"We have urged the government to regularize their (Bhangi community members) job contracts, and pay a minimum salary of Rs 4,500," they said, adding their other demands are on ensuring their health, and encouraging their children to pursue education. However, their major demand is to put an end to the inhuman practice.

According to our findings, the lack of proper underground drainages in NK is the main reason for the exploitation of Bhangi community. "The government should at least now chalk out long-term plans to rehabilitate Bhangi families," Arolikar said.

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Wednesday, July 21, 2010

We need positive stories but can not ignore gross violation of human rights

An Awakening movement is essential to fight against oppression

I feel time has come to stop highlighting only atrocities and protests. It is time to highlight the inherent strengths of our people and build a future on that. Dalits should lead a struggle to usher in constitutional governance for all instead of all the time focusing on ghetto and pathos. You know the extent to which we have succeeded in this approach to Dalit liberation : M.C.Raj,

My response

Raj, I agree to some extent. We definitely should provide the success stories to instill confidence in the community. We have worked on that. But a country which claims and boast its 'liberal' thinking and rule of law, we can not really shut our eyes on this gross violation of human rights.

As a movement as you have done it in Tumkur and some of us trying to replicate in our part of the world, I agree that an awareness movement has to be build in the community but at the same time, I would say, with my own experience working with the community ( and I have been working with this community for over 15 years), I found that we need to provide alternative. We should force the government to do things but at the same time should not wait for them only.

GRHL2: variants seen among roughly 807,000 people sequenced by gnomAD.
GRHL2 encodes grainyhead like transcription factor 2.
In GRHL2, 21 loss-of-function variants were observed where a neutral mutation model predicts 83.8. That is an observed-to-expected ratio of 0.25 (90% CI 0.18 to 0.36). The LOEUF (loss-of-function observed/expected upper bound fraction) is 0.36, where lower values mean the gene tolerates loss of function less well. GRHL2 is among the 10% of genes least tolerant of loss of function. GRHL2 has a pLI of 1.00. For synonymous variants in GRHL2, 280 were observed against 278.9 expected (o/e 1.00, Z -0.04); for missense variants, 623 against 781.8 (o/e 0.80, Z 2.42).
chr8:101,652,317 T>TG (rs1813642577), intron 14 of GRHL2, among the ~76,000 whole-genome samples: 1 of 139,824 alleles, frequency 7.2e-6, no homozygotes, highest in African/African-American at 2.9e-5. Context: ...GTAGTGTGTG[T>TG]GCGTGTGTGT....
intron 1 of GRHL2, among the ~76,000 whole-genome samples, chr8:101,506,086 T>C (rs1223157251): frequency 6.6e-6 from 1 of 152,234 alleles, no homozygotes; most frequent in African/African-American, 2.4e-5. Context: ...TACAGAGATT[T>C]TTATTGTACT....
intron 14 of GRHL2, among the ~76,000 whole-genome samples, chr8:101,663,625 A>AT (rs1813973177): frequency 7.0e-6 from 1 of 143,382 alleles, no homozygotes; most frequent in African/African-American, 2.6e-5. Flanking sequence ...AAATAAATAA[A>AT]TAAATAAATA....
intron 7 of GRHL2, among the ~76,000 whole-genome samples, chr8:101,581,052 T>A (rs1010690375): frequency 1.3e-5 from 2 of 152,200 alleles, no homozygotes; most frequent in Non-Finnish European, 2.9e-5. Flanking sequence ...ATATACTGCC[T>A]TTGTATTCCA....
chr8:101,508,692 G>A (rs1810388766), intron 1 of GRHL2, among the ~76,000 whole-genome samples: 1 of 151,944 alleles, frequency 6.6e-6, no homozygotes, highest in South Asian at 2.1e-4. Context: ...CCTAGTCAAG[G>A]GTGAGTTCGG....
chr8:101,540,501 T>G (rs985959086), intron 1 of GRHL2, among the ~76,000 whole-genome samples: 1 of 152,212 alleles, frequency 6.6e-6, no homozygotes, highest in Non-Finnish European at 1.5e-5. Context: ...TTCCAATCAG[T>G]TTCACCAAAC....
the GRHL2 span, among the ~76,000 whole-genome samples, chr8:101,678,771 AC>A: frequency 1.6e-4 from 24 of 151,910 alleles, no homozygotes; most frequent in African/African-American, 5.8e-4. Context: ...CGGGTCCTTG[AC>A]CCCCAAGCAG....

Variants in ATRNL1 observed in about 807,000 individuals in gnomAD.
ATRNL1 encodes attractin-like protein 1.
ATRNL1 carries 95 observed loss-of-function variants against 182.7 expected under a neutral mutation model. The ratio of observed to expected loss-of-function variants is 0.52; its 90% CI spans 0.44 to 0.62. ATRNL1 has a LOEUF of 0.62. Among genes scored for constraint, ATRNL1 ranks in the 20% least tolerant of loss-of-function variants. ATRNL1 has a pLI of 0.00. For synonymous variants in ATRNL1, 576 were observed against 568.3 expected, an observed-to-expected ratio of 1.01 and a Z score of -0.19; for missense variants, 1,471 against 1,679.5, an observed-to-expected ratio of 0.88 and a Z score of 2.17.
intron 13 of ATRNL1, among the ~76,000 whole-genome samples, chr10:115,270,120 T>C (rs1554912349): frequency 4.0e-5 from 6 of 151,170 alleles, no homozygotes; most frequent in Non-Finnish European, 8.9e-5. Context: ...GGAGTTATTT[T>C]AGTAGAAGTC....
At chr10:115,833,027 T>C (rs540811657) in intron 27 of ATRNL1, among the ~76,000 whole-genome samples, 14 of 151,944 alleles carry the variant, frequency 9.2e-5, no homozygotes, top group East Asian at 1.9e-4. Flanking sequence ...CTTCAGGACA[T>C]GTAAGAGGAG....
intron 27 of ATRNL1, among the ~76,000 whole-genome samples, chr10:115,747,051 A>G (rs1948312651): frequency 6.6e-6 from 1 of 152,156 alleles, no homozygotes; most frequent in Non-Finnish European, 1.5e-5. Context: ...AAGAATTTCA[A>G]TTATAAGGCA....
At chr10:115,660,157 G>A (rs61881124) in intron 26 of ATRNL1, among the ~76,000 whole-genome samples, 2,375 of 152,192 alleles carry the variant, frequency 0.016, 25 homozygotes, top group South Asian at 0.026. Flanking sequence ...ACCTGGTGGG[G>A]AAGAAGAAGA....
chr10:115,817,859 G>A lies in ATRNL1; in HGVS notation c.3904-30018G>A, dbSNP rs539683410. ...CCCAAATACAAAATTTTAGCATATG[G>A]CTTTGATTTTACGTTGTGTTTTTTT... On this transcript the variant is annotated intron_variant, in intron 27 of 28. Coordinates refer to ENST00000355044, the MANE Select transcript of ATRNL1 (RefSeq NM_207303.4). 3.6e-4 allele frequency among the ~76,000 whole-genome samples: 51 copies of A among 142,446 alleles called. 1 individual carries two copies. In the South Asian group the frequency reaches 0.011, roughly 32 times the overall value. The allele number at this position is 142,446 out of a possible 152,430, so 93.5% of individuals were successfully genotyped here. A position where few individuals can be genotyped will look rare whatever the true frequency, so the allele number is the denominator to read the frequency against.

I am sorry but being a human rights activists, I find these news depressing but can not sit on that depression only. We have to shame the government, the authorities that they are lying. That their promises remain false. We can not victimise the victims. The state too has a responsibility and we can not exonerate it. The battle for the change is both the ways. At one level, with in the community and on the other side forcing the government to act.

Just a few days back the government of India say there are just one lakh seventy thousand people involved in scavenging, which is grossly under evaluated. We have got information from various municipalities that they have finished it yet I have recently found that children too are involved in it.

While raising the issue of their violation of rights, we are trying to do our best to provide alternatives like computer education, libraries at the local level. My film ' Badlav Ki Chah' is an example from the community in Ghazipur where the young have revolted and today are completely liberated. We want Badlav ki chah' every where and it is our combined duty not to fear from stories of depression but to fight them out. It is not their fault if they are in the profession imposed by vicious brahmanical order, it is the reality of Indian society. It need to be exposed daily but definitely we must work on the models like Tumkurs.. it is battle which has to be fought at different level.. an awareness in the community and exposing the sinister brahmanical disorder.

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Finally, some promises by Karnataka minister !

Finally, an immediate action by the Karnataka government. Hope they will not wait for another day for ending similar protest elsewhere. States must be asked to furnish the true details of scavenging in their cities. Most of the data given by them look fictitious. Can we ask what have been the rehabilitation process? Let the Karnataka government take action against such municipalities where scavenging still persist.



Times of India, July 23rd, 2010

Bommai comes to rescue of dalit families
TNN, Jul 22, 2010, 03.41am IST


Tags:Bangalore|Basavaraj Bommai|water resources minister

HAVERI: Water resources minister Basavaraj Bommai visited Kamal Bangadi locality of Savanur on Wednesday afternoon and apologized to them for the inconvenience caused by the city municipal council officials. He also assured them of all help from the state government.

He heard out their grievances. "It is shocking news for me and I bow my head for the mistake of officials who took the extreme step of evacuating these families in the name of building a complex," he said.

He appealed to them to leave their jobs of cleaning toilets and collecting and dumping faeces. "You come out of this bhangi business and go for self-employment, loans will be sanctioned under different schemes," he said.